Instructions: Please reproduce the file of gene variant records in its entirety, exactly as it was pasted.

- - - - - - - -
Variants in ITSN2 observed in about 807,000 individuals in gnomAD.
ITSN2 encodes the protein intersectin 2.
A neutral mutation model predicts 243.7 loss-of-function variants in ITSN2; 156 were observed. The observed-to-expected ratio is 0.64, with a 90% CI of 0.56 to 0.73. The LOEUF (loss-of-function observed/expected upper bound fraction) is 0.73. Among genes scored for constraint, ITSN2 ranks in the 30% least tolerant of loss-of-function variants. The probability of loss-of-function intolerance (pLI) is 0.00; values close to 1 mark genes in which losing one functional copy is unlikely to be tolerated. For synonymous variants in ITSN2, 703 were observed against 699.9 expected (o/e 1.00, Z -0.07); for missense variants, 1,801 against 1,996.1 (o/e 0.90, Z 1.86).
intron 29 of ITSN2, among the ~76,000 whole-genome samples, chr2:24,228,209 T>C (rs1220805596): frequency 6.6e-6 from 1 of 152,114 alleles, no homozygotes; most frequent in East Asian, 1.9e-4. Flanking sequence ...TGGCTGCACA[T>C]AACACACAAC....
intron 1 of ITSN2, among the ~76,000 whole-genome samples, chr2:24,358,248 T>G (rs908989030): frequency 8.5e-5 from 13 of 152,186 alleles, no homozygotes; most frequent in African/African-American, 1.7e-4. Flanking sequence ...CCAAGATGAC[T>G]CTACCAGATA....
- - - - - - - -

Variants in ITSN2 observed in about 807,000 individuals in gnomAD.
ITSN2 encodes the protein intersectin 2.
A neutral mutation model predicts 243.7 loss-of-function variants in ITSN2; 156 were observed. The observed-to-expected ratio is 0.64, with a 90% CI of 0.56 to 0.73. The LOEUF (loss-of-function observed/expected upper bound fraction) is 0.73. Among genes scored for constraint, ITSN2 ranks in the 30% least tolerant of loss-of-function variants. The probability of loss-of-function intolerance (pLI) is 0.00; values close to 1 mark genes in which losing one functional copy is unlikely to be tolerated. For synonymous variants in ITSN2, 703 were observed against 699.9 expected (o/e 1.00, Z -0.07); for missense variants, 1,801 against 1,996.1 (o/e 0.90, Z 1.86).
intron 29 of ITSN2, among the ~76,000 whole-genome samples, chr2:24,228,209 T>C (rs1220805596): frequency 6.6e-6 from 1 of 152,114 alleles, no homozygotes; most frequent in East Asian, 1.9e-4. Flanking sequence ...TGGCTGCACA[T>C]AACACACAAC....
intron 1 of ITSN2, among the ~76,000 whole-genome samples, chr2:24,358,248 T>G (rs908989030): frequency 8.5e-5 from 13 of 152,186 alleles, no homozygotes; most frequent in African/African-American, 1.7e-4. Flanking sequence ...CCAAGATGAC[T>G]CTACCAGATA....